Thinking, at least our focused and conscious System 2 thinking, is effortful and tiring. We also can’t do it well for very long. People naturally prefer to live on “autopilot”. The more we have to think to do something, the less likely people we to do it.

Social deviance

We are social beings. It’s historically been hugely important for us to fit in and belong for our very survival. This means that we can’t help but feel risk in swimming against the flow of society. The more a behavior involves deviating, the less likely we are to do it. We can think of social deviance as the opposite of social norming, which you can read more about in our post on 10 useful nudges).


Routines are easy for us to adhere to. They reflect habits and they are behaviors and activities that tend to require less thought. The more routine we can make our behaviors and activities, the more likely it is that we will adhere to them.

3 – Prompts

When Fogg refers to prompts, he’s talking about external influencing factors that can initiate a behavior in an individual. These prompts can be from people, they can be from objects or environments, or in the digital world they can be things like notifications and icons. In his work, Fogg has identified three categories of prompts that influence individuals with different levels of motivation and ability.


Sparks are prompts that are designed to initiate a behavior in individuals with higher levels of ability, but lower levels of motivation. They provide a boost to motivation with the intention of triggering an action or behavior.


Facilitators are prompts designed to help individuals with high levels of motivation, but lower levels of ability. They act by making a behavior or action easier for the individual. They’re designed to facilitate (make it easier) for individuals to initiate a behavior.


Signals are prompts that are more about information than anything else. In some instances individuals are both able and motivated to undertake an action, they simply don’t know that the action is available or permissible. In this instance a signal will initiate action.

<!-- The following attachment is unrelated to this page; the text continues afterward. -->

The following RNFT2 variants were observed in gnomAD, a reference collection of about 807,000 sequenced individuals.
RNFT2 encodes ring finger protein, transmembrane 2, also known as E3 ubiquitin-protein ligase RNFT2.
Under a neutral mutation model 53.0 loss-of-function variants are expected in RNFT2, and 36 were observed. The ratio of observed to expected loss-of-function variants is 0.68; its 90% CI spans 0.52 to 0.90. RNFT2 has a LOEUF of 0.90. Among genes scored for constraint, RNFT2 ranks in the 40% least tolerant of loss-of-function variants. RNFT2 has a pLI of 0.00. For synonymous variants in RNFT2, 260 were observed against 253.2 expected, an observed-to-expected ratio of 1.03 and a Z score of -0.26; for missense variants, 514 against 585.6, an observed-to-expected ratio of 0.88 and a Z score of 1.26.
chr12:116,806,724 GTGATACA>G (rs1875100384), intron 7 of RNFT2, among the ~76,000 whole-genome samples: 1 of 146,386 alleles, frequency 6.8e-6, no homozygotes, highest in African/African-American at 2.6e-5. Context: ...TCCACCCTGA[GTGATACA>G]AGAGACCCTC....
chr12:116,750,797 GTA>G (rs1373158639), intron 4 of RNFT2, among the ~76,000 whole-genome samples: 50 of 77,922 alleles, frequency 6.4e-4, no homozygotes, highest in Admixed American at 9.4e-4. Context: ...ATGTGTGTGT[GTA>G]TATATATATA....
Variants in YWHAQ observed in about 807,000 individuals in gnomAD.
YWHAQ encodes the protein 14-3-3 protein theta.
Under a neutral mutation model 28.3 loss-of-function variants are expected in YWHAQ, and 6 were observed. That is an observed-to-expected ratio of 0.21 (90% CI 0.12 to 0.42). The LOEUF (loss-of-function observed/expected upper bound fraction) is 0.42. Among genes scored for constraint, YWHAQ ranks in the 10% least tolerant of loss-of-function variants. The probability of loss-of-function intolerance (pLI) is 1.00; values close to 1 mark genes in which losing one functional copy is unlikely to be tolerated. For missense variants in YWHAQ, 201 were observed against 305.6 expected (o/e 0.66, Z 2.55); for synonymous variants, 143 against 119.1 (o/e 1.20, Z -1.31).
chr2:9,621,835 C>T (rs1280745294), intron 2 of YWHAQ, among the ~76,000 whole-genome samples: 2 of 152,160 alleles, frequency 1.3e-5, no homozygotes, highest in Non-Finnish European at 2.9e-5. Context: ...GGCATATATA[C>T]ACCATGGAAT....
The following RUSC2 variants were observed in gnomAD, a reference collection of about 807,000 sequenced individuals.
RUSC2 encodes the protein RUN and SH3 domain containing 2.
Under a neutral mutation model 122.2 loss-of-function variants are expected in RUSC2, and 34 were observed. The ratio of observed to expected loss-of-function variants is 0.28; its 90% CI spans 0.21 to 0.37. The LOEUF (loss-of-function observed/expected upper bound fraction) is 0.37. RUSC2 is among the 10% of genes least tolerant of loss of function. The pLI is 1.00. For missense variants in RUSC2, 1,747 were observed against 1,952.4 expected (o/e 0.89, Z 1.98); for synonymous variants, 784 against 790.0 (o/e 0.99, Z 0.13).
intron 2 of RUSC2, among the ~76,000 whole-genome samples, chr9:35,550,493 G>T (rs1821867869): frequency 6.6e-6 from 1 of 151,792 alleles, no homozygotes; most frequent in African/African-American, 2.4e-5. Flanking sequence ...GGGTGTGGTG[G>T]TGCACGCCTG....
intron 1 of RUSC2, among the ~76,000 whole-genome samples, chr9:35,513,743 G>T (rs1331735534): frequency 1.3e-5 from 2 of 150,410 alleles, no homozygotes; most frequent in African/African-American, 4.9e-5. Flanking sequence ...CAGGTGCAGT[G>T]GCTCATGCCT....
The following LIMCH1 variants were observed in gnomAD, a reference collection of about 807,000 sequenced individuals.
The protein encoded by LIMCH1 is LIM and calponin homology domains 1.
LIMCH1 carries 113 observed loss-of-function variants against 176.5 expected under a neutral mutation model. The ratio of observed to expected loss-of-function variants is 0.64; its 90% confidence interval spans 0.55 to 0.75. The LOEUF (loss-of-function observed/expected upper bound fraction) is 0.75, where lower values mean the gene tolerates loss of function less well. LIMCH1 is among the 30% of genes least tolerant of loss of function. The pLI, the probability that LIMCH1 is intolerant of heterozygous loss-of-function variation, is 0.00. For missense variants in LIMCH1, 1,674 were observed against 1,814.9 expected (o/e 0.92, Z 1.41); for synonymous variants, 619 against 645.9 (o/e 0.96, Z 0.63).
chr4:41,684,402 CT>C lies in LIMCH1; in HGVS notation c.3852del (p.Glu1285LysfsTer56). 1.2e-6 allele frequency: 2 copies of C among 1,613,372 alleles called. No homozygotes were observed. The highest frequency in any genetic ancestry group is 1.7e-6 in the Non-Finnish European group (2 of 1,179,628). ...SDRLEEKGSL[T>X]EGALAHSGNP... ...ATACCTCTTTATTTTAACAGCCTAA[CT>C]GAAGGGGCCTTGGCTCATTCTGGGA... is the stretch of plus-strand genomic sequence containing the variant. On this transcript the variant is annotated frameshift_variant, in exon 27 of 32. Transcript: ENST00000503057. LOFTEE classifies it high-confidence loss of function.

Learning More

Lewin’s behavior model has some similarities to this model. The behavior change wheel is another good way to think theoretically about structuring behavior change. From a consumer influencing perspective you might enjoy reading about Nir Eyal’s Hook model.

From a personal change perspective it might be worth looking at the change curve, bridges model or transtheoretical model.

Habits are also an important part of behavior. If you’d like, you can learn more about them in our podcast on the subject:

The World of Work Project View

The Fogg Behavior Change Model is a useful way to think about individual behaviors and actions, and how they can be influenced. The introduction of the “prompt” variable explicitly calls out the ability of external factors to influence an individual’s behaviors and actions. We know that an environment, which includes things like prompts, affects an individual’s behaviors and it makes sense to call this out.

While we’ve not designed interventions or products using the Fogg model, we can see evidence of its effectiveness all around us. Behavioral interventions frequently use prompts similar to those detailed by Fogg and many website and applications use a range of factors to vary motivation and ability in such a way as to drive behaviors, most typically purchasing, recommending or engagement.

While we agree with what the model says, we think that it’s often used in ways we disagree with or dislike. Just because it is possible to create an experience that drives particular behaviors such as continued use or consumption, doesn’t mean that it’s a good thing to do. If you’re planning on using this model to design something, just be clear on your motivations before you do.

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Sources and Feedback

This post on The Fogg Behavior Change Model is based on content originally produced by BJ Fogg. You can read more about at his dedicated behavior change model website.